Top 15 Crazy Contract Demands You Won't Believe These Athletes Made

Being a star athlete is a coveted position that all members of a team strive to be labeled. The stronger your performance, the higher you get paid, and in turn the more leeway you have to start making crazy demands and requests as the staff just want to keep their players happy. When it comes to contract demands or specific pre-game requests, it's important to think outside the box as your routine everyday intangibles can simply prove to be not enough for some. It does not take a lot to know that contracts, regardless of how basic they may be, are complicated to maintain and fairly please all parties. When you throw in the additional perks, requirements, and further forms of compensation no matter how bizarre it sounds, the management is forced to dance around in order to accommodate and satisfy their prospect. To fans and observers of sports, these requests may sound ridiculous and make the athletes look spoiled, but athletes are programmed differently. Some athletes just feel they need a certain something to help in their performance.

These athletes are more often than not under copious amounts of stress with high expectations riding on their shoulders so it's no surprise that a few pieces might be a little loose when trying to finish the puzzle.

With that, here are the Top 15 Craziest Athlete Demands and Requests included in players contracts and practiced before or during games.

15 John Henderson - NFL

via foxsports.com

John Henderson, aka Big John, stands at 6’7 and is a former defensive tackle in the NFL who played for a total of ten seasons. The majority of his career was spent with the Jacksonville Jaguars, where he was a first round pick in 2002, before moving onto the Oakland Raiders for the last two seasons of his career. Henderson displayed a fairly unique way of getting in the zone before games in the locker room. Before games while he was on the Jaguars, he would request that the assistant trainer, Joe Sheehan, slap him across the face as hard as he could while back in the trainers room. He thought of it as getting the first hit of the game out of the way before he even ran out onto the field to play. That’s one way to get pumped up before a game.


Aaron Doster-USA TODAY Sports

This next one does not refer to a single athlete in particular, but a sports community as a whole. The world of NASCAR has its fair share of superstitions such as the number thirteen, or the color green, but this one is also a request from drivers that started way back when. Peanut shells are not a welcomed commodity on the tracks of NASCAR. The peanut itself is okay, just not the shell.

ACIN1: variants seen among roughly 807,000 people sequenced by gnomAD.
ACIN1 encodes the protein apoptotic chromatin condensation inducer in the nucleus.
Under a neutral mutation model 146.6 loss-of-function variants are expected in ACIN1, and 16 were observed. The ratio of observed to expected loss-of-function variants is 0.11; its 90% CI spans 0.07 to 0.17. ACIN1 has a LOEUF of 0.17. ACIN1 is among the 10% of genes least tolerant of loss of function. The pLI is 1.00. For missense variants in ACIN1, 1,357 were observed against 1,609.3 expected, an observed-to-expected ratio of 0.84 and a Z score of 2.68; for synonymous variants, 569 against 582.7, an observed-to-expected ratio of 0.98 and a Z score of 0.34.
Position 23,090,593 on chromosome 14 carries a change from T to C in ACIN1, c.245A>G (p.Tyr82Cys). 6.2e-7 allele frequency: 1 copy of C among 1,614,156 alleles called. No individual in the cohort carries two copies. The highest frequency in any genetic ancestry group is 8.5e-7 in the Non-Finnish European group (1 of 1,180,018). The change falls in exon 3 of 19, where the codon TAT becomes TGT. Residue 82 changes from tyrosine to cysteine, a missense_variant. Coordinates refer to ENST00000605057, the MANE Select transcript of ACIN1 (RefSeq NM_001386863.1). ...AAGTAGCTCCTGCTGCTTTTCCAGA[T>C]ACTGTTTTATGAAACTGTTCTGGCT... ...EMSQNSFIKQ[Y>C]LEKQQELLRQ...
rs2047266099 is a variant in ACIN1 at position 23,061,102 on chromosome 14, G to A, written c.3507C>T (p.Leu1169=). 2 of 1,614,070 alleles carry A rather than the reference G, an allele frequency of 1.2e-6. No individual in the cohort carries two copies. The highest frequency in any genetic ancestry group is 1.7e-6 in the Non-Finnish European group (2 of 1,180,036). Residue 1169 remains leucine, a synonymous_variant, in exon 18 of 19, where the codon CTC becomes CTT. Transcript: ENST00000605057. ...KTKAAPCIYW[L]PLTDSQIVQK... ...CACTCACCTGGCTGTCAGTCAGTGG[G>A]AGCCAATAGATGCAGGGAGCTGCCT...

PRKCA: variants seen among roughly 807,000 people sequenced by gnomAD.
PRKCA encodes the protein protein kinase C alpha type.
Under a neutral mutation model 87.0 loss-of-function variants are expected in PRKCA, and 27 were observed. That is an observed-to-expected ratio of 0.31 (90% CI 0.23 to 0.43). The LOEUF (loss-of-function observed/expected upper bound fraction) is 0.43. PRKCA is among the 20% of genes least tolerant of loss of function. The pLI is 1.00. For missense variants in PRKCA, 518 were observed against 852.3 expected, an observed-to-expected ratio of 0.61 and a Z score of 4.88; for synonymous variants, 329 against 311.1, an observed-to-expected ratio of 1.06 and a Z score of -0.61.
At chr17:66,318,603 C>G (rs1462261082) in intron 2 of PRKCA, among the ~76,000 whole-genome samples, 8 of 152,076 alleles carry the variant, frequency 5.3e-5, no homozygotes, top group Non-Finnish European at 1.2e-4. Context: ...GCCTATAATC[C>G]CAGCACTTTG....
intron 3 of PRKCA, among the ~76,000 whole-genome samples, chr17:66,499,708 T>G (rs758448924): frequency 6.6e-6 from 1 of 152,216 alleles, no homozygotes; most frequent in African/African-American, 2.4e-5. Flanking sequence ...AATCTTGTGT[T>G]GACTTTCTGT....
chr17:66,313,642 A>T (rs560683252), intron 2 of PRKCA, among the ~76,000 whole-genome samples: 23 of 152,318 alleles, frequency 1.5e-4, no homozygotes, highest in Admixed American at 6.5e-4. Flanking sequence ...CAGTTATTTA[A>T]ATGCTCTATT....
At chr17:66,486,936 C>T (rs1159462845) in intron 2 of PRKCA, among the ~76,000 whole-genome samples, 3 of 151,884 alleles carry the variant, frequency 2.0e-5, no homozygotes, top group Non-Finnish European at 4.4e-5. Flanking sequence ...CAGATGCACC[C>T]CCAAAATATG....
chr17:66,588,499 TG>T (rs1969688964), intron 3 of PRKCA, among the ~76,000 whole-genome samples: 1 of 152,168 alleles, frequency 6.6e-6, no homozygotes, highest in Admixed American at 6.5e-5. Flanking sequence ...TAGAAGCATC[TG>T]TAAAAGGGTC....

Way back when a few fatal collisions occurred and uncovered peanut shells were discovered in the cockpit and engines of the car, as the crew would work on the cars underneath the stands at the stadiums. Dropped peanut shells were obvious irritants to the drivers as when cars were wrecked, shells were scattered across the carnage. So next time you go to NASCAR, as requested from the drivers, restrain from bringing peanuts with shells to eat while observing and instead opt for a jar of peanut butter perhaps.

13 Mike Bibby - NBA

via sacramento.cbslocal.com

Mike Bibby is a retired professional basketball player who was in the league for fourteen seasons. He played for numerous teams starting in 1998 with the Vancouver Grizzlies, finishing in 2010 with the New York Knicks. The NBA point guard had a rather odd quirk while sitting on the bench between shifts: he obsessively picked his fingernails during the games.

It got to the point where this just wasn’t a good enough method of grooming anymore, and he actually requested that his team trainer wait for him on the sideline ready to hand him a pair of nail clippers to use between shifts. Further, it got so obsessive he had the trainer on stand by when the coach called a time out so he could go to work on his nails while planning out a strategy. How much work do your nails need to pass a basketball around?

12 Daisuke Matsuzaka - MLB

Mark J. Rebilas-USA TODAY Sports

Daisuke Matsuzaka is a Japanese baseball player who had a decent MLB career, specifically with the Boston Red Sox for six seasons before heading to Cleveland and then New York. He didn't live up to the hype, but he sure made some good money.

He returned to Japan in 2014 where he signed with a professional team there. During his stint in America, while he was with the Red Sox, in addition to the regular allowances for moving, housing, and vehicles stipulated in his contract, there were a few other things he wanted to make sure were put in place. Matsuzaka requested the personal aid of Red Sox staff members. The duties of the Red Sox staff member was to help him deal with the Japanese media, on top of a physical therapist, a massage therapist, and a Japanese to English interpreter. That’s enough of an entourage that it would put Mariah Carey to shame!